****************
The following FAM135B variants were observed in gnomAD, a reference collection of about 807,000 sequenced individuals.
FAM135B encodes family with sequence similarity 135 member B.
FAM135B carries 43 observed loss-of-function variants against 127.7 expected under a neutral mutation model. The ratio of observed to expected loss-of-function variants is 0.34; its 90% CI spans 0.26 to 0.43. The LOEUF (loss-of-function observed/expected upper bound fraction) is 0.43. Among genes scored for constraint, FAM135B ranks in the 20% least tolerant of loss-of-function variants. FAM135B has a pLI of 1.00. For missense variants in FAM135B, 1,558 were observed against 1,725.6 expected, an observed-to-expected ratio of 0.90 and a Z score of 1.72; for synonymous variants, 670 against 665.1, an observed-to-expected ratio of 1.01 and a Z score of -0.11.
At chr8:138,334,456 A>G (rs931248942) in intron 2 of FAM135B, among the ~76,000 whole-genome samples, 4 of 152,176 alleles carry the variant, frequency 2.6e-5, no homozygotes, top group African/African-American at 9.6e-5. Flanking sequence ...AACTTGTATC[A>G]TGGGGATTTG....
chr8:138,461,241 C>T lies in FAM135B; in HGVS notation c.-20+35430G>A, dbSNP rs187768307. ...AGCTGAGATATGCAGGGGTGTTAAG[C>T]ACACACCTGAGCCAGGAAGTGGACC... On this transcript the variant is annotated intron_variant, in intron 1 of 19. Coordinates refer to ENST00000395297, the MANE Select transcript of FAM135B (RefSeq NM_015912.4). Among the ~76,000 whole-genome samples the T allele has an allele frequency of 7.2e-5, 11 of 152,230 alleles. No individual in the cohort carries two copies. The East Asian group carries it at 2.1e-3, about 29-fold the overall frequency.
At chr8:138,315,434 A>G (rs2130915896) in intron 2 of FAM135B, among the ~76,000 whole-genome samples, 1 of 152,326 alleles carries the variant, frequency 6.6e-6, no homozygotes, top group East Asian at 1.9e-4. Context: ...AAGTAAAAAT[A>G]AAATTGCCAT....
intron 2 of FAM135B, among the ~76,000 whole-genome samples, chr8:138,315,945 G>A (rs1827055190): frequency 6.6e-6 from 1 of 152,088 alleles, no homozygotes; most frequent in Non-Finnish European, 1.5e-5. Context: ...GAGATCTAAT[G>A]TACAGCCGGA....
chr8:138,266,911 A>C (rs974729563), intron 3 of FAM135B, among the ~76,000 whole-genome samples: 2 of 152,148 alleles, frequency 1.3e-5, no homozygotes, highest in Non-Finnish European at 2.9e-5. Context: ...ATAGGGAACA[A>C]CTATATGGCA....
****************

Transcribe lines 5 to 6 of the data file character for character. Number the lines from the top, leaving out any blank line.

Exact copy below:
chr8:138,461,241 C>T lies in FAM135B; in HGVS notation c.-20+35430G>A, dbSNP rs187768307. ...AGCTGAGATATGCAGGGGTGTTAAG[C>T]ACACACCTGAGCCAGGAAGTGGACC... On this transcript the variant is annotated intron_variant, in intron 1 of 19. Coordinates refer to ENST00000395297, the MANE Select transcript of FAM135B (RefSeq NM_015912.4). Among the ~76,000 whole-genome samples the T allele has an allele frequency of 7.2e-5, 11 of 152,230 alleles. No individual in the cohort carries two copies. The East Asian group carries it at 2.1e-3, about 29-fold the overall frequency.
At chr8:138,315,434 A>G (rs2130915896) in intron 2 of FAM135B, among the ~76,000 whole-genome samples, 1 of 152,326 alleles carries the variant, frequency 6.6e-6, no homozygotes, top group East Asian at 1.9e-4. Context: ...AAGTAAAAAT[A>G]AAATTGCCAT....